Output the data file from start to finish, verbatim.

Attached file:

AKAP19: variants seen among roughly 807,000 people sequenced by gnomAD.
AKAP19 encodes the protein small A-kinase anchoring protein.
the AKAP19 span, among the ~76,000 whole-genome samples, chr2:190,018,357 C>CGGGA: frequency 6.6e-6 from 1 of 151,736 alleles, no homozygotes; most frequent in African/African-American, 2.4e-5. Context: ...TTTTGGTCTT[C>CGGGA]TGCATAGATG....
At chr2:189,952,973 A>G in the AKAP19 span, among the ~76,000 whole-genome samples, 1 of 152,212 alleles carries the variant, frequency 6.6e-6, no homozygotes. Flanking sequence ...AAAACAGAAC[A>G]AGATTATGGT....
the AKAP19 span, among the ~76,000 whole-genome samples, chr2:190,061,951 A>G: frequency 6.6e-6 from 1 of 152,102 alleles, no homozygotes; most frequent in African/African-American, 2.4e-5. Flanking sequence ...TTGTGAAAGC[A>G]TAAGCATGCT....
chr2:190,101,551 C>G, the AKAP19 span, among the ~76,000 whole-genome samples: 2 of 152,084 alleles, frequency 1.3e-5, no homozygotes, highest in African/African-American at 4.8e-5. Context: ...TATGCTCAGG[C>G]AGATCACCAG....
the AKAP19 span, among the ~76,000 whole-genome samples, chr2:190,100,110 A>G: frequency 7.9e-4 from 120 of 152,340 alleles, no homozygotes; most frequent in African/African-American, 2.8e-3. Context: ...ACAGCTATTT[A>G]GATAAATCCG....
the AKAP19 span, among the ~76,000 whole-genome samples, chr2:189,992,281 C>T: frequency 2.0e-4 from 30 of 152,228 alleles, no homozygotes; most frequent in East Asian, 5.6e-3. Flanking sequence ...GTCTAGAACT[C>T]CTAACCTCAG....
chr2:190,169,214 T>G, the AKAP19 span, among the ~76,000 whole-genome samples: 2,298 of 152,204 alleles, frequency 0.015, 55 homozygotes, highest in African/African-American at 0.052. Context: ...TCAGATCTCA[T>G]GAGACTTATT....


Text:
AKAP19: variants seen among roughly 807,000 people sequenced by gnomAD.
AKAP19 encodes the protein small A-kinase anchoring protein.
the AKAP19 span, among the ~76,000 whole-genome samples, chr2:190,018,357 C>CGGGA: frequency 6.6e-6 from 1 of 151,736 alleles, no homozygotes; most frequent in African/African-American, 2.4e-5. Context: ...TTTTGGTCTT[C>CGGGA]TGCATAGATG....
At chr2:189,952,973 A>G in the AKAP19 span, among the ~76,000 whole-genome samples, 1 of 152,212 alleles carries the variant, frequency 6.6e-6, no homozygotes. Flanking sequence ...AAAACAGAAC[A>G]AGATTATGGT....
the AKAP19 span, among the ~76,000 whole-genome samples, chr2:190,061,951 A>G: frequency 6.6e-6 from 1 of 152,102 alleles, no homozygotes; most frequent in African/African-American, 2.4e-5. Flanking sequence ...TTGTGAAAGC[A>G]TAAGCATGCT....
chr2:190,101,551 C>G, the AKAP19 span, among the ~76,000 whole-genome samples: 2 of 152,084 alleles, frequency 1.3e-5, no homozygotes, highest in African/African-American at 4.8e-5. Context: ...TATGCTCAGG[C>G]AGATCACCAG....
the AKAP19 span, among the ~76,000 whole-genome samples, chr2:190,100,110 A>G: frequency 7.9e-4 from 120 of 152,340 alleles, no homozygotes; most frequent in African/African-American, 2.8e-3. Context: ...ACAGCTATTT[A>G]GATAAATCCG....
the AKAP19 span, among the ~76,000 whole-genome samples, chr2:189,992,281 C>T: frequency 2.0e-4 from 30 of 152,228 alleles, no homozygotes; most frequent in East Asian, 5.6e-3. Flanking sequence ...GTCTAGAACT[C>T]CTAACCTCAG....
chr2:190,169,214 T>G, the AKAP19 span, among the ~76,000 whole-genome samples: 2,298 of 152,204 alleles, frequency 0.015, 55 homozygotes, highest in African/African-American at 0.052. Context: ...TCAGATCTCA[T>G]GAGACTTATT....